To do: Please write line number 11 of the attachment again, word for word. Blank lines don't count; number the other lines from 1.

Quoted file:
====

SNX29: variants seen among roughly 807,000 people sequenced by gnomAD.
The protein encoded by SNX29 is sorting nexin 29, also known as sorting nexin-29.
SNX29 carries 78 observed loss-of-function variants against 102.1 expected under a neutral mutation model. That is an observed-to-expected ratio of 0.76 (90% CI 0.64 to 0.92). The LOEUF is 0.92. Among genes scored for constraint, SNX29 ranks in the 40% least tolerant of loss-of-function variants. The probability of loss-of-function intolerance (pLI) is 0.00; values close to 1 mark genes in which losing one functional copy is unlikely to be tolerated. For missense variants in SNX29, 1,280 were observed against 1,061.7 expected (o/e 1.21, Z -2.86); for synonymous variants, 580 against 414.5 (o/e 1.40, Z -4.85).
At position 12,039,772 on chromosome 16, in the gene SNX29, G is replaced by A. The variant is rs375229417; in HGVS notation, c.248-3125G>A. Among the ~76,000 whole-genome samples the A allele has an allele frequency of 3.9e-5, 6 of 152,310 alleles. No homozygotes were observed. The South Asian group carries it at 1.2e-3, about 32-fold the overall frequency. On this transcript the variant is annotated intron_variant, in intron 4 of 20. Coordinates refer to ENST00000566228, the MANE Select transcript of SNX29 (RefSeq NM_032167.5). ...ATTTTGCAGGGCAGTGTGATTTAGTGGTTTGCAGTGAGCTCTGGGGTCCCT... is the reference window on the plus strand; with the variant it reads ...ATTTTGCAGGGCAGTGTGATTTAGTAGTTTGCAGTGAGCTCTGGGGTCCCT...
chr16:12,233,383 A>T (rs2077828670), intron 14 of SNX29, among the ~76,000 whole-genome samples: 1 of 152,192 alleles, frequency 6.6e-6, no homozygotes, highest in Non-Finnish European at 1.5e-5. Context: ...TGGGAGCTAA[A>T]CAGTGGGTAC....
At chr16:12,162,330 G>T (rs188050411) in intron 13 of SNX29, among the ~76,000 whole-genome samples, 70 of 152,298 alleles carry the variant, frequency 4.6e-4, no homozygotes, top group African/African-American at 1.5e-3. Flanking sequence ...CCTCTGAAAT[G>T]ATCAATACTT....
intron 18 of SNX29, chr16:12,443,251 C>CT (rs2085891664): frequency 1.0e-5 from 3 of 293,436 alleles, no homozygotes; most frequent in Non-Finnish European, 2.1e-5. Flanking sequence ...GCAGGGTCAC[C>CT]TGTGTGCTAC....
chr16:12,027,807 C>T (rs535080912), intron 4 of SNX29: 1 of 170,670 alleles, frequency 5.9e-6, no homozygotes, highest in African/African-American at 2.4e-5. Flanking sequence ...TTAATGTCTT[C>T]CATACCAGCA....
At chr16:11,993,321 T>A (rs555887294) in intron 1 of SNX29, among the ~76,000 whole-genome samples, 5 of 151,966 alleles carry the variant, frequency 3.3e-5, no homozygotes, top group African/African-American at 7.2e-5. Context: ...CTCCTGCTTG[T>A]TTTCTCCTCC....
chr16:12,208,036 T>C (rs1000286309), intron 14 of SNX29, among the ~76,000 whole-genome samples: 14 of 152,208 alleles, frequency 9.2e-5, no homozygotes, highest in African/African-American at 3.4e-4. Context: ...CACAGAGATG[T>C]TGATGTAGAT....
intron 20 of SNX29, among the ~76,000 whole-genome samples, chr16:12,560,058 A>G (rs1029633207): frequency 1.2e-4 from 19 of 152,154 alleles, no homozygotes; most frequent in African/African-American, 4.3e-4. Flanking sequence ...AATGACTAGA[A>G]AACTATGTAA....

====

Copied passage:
intron 20 of SNX29, among the ~76,000 whole-genome samples, chr16:12,560,058 A>G (rs1029633207): frequency 1.2e-4 from 19 of 152,154 alleles, no homozygotes; most frequent in African/African-American, 4.3e-4. Flanking sequence ...AATGACTAGA[A>G]AACTATGTAA....